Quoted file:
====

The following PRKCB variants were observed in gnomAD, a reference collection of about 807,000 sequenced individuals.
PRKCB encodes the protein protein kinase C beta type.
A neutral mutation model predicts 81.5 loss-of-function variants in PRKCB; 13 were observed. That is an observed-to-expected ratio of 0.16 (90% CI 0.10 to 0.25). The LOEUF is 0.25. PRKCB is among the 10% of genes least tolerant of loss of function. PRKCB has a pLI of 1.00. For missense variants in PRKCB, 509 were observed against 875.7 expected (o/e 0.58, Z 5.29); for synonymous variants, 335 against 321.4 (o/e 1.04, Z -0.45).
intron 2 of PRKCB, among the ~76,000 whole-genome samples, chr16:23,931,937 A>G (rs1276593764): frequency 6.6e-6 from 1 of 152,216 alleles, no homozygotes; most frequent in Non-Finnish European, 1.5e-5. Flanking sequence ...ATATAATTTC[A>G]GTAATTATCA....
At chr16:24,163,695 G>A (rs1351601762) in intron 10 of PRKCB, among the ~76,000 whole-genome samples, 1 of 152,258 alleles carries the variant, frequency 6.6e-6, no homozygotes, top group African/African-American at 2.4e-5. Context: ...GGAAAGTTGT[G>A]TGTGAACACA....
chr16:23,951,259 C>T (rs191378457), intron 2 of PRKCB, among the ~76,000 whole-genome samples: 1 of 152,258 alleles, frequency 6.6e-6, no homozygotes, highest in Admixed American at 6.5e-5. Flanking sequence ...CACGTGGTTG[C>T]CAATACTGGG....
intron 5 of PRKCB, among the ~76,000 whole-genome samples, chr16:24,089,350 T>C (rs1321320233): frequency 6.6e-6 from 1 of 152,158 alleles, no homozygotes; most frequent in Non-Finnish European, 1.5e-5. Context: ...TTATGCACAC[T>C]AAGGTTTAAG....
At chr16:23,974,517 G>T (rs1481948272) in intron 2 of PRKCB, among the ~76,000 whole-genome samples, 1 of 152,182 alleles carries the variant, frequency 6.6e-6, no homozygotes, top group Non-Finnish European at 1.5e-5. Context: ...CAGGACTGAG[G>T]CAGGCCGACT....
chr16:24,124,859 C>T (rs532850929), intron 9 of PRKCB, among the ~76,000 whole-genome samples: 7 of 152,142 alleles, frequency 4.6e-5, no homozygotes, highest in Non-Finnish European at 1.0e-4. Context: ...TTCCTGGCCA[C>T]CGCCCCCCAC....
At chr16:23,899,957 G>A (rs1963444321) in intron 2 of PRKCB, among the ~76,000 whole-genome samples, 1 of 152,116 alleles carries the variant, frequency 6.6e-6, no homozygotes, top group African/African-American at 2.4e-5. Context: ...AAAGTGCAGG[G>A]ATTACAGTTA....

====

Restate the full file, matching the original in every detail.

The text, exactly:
The following PRKCB variants were observed in gnomAD, a reference collection of about 807,000 sequenced individuals.
PRKCB encodes the protein protein kinase C beta type.
A neutral mutation model predicts 81.5 loss-of-function variants in PRKCB; 13 were observed. That is an observed-to-expected ratio of 0.16 (90% CI 0.10 to 0.25). The LOEUF is 0.25. PRKCB is among the 10% of genes least tolerant of loss of function. PRKCB has a pLI of 1.00. For missense variants in PRKCB, 509 were observed against 875.7 expected (o/e 0.58, Z 5.29); for synonymous variants, 335 against 321.4 (o/e 1.04, Z -0.45).
intron 2 of PRKCB, among the ~76,000 whole-genome samples, chr16:23,931,937 A>G (rs1276593764): frequency 6.6e-6 from 1 of 152,216 alleles, no homozygotes; most frequent in Non-Finnish European, 1.5e-5. Flanking sequence ...ATATAATTTC[A>G]GTAATTATCA....
At chr16:24,163,695 G>A (rs1351601762) in intron 10 of PRKCB, among the ~76,000 whole-genome samples, 1 of 152,258 alleles carries the variant, frequency 6.6e-6, no homozygotes, top group African/African-American at 2.4e-5. Context: ...GGAAAGTTGT[G>A]TGTGAACACA....
chr16:23,951,259 C>T (rs191378457), intron 2 of PRKCB, among the ~76,000 whole-genome samples: 1 of 152,258 alleles, frequency 6.6e-6, no homozygotes, highest in Admixed American at 6.5e-5. Flanking sequence ...CACGTGGTTG[C>T]CAATACTGGG....
intron 5 of PRKCB, among the ~76,000 whole-genome samples, chr16:24,089,350 T>C (rs1321320233): frequency 6.6e-6 from 1 of 152,158 alleles, no homozygotes; most frequent in Non-Finnish European, 1.5e-5. Context: ...TTATGCACAC[T>C]AAGGTTTAAG....
At chr16:23,974,517 G>T (rs1481948272) in intron 2 of PRKCB, among the ~76,000 whole-genome samples, 1 of 152,182 alleles carries the variant, frequency 6.6e-6, no homozygotes, top group Non-Finnish European at 1.5e-5. Context: ...CAGGACTGAG[G>T]CAGGCCGACT....
chr16:24,124,859 C>T (rs532850929), intron 9 of PRKCB, among the ~76,000 whole-genome samples: 7 of 152,142 alleles, frequency 4.6e-5, no homozygotes, highest in Non-Finnish European at 1.0e-4. Context: ...TTCCTGGCCA[C>T]CGCCCCCCAC....
At chr16:23,899,957 G>A (rs1963444321) in intron 2 of PRKCB, among the ~76,000 whole-genome samples, 1 of 152,116 alleles carries the variant, frequency 6.6e-6, no homozygotes, top group African/African-American at 2.4e-5. Context: ...AAAGTGCAGG[G>A]ATTACAGTTA....